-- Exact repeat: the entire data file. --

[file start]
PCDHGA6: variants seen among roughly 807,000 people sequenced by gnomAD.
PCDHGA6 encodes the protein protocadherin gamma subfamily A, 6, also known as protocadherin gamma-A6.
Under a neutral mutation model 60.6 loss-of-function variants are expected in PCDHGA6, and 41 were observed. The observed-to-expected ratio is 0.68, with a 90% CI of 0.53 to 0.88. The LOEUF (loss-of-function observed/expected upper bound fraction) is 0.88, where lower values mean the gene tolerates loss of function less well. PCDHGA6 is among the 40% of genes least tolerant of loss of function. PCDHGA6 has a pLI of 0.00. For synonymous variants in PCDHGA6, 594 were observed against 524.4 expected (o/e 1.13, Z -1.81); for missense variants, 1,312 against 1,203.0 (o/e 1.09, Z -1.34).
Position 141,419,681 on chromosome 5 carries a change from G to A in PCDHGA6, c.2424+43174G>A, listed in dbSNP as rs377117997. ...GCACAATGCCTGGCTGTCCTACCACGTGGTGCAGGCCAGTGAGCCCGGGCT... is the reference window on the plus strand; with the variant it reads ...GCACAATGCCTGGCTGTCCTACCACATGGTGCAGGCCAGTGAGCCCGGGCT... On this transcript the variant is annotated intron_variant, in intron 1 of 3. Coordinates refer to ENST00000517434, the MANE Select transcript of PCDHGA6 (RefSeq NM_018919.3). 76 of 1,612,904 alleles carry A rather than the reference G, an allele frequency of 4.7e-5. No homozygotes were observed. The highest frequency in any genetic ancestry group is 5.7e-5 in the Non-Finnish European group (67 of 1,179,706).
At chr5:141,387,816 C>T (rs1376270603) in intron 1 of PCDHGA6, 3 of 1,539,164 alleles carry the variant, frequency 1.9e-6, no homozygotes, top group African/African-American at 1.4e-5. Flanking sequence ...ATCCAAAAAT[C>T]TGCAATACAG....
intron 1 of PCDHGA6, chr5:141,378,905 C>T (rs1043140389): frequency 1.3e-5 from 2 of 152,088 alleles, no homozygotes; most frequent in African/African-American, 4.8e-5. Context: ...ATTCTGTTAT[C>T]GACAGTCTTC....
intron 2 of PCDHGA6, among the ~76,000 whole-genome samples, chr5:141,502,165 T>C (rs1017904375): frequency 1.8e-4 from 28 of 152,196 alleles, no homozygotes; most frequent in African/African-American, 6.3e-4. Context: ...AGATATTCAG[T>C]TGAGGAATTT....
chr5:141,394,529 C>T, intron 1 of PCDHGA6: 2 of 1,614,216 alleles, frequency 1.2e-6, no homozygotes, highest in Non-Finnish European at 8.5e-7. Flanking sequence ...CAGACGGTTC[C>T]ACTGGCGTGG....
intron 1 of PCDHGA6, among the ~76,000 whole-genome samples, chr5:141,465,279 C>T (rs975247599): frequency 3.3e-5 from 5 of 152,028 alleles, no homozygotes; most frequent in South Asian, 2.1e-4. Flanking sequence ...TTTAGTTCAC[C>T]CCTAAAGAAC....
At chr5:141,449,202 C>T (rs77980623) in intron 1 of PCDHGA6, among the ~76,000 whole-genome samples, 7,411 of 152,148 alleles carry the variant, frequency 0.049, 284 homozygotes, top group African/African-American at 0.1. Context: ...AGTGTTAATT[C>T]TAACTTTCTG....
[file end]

PCDHGA6: variants seen among roughly 807,000 people sequenced by gnomAD.
PCDHGA6 encodes the protein protocadherin gamma subfamily A, 6, also known as protocadherin gamma-A6.
Under a neutral mutation model 60.6 loss-of-function variants are expected in PCDHGA6, and 41 were observed. The observed-to-expected ratio is 0.68, with a 90% CI of 0.53 to 0.88. The LOEUF (loss-of-function observed/expected upper bound fraction) is 0.88, where lower values mean the gene tolerates loss of function less well. PCDHGA6 is among the 40% of genes least tolerant of loss of function. PCDHGA6 has a pLI of 0.00. For synonymous variants in PCDHGA6, 594 were observed against 524.4 expected (o/e 1.13, Z -1.81); for missense variants, 1,312 against 1,203.0 (o/e 1.09, Z -1.34).
Position 141,419,681 on chromosome 5 carries a change from G to A in PCDHGA6, c.2424+43174G>A, listed in dbSNP as rs377117997. ...GCACAATGCCTGGCTGTCCTACCACGTGGTGCAGGCCAGTGAGCCCGGGCT... is the reference window on the plus strand; with the variant it reads ...GCACAATGCCTGGCTGTCCTACCACATGGTGCAGGCCAGTGAGCCCGGGCT... On this transcript the variant is annotated intron_variant, in intron 1 of 3. Coordinates refer to ENST00000517434, the MANE Select transcript of PCDHGA6 (RefSeq NM_018919.3). 76 of 1,612,904 alleles carry A rather than the reference G, an allele frequency of 4.7e-5. No homozygotes were observed. The highest frequency in any genetic ancestry group is 5.7e-5 in the Non-Finnish European group (67 of 1,179,706).
At chr5:141,387,816 C>T (rs1376270603) in intron 1 of PCDHGA6, 3 of 1,539,164 alleles carry the variant, frequency 1.9e-6, no homozygotes, top group African/African-American at 1.4e-5. Flanking sequence ...ATCCAAAAAT[C>T]TGCAATACAG....
intron 1 of PCDHGA6, chr5:141,378,905 C>T (rs1043140389): frequency 1.3e-5 from 2 of 152,088 alleles, no homozygotes; most frequent in African/African-American, 4.8e-5. Context: ...ATTCTGTTAT[C>T]GACAGTCTTC....
intron 2 of PCDHGA6, among the ~76,000 whole-genome samples, chr5:141,502,165 T>C (rs1017904375): frequency 1.8e-4 from 28 of 152,196 alleles, no homozygotes; most frequent in African/African-American, 6.3e-4. Context: ...AGATATTCAG[T>C]TGAGGAATTT....
chr5:141,394,529 C>T, intron 1 of PCDHGA6: 2 of 1,614,216 alleles, frequency 1.2e-6, no homozygotes, highest in Non-Finnish European at 8.5e-7. Flanking sequence ...CAGACGGTTC[C>T]ACTGGCGTGG....
intron 1 of PCDHGA6, among the ~76,000 whole-genome samples, chr5:141,465,279 C>T (rs975247599): frequency 3.3e-5 from 5 of 152,028 alleles, no homozygotes; most frequent in South Asian, 2.1e-4. Flanking sequence ...TTTAGTTCAC[C>T]CCTAAAGAAC....
At chr5:141,449,202 C>T (rs77980623) in intron 1 of PCDHGA6, among the ~76,000 whole-genome samples, 7,411 of 152,148 alleles carry the variant, frequency 0.049, 284 homozygotes, top group African/African-American at 0.1. Context: ...AGTGTTAATT[C>T]TAACTTTCTG....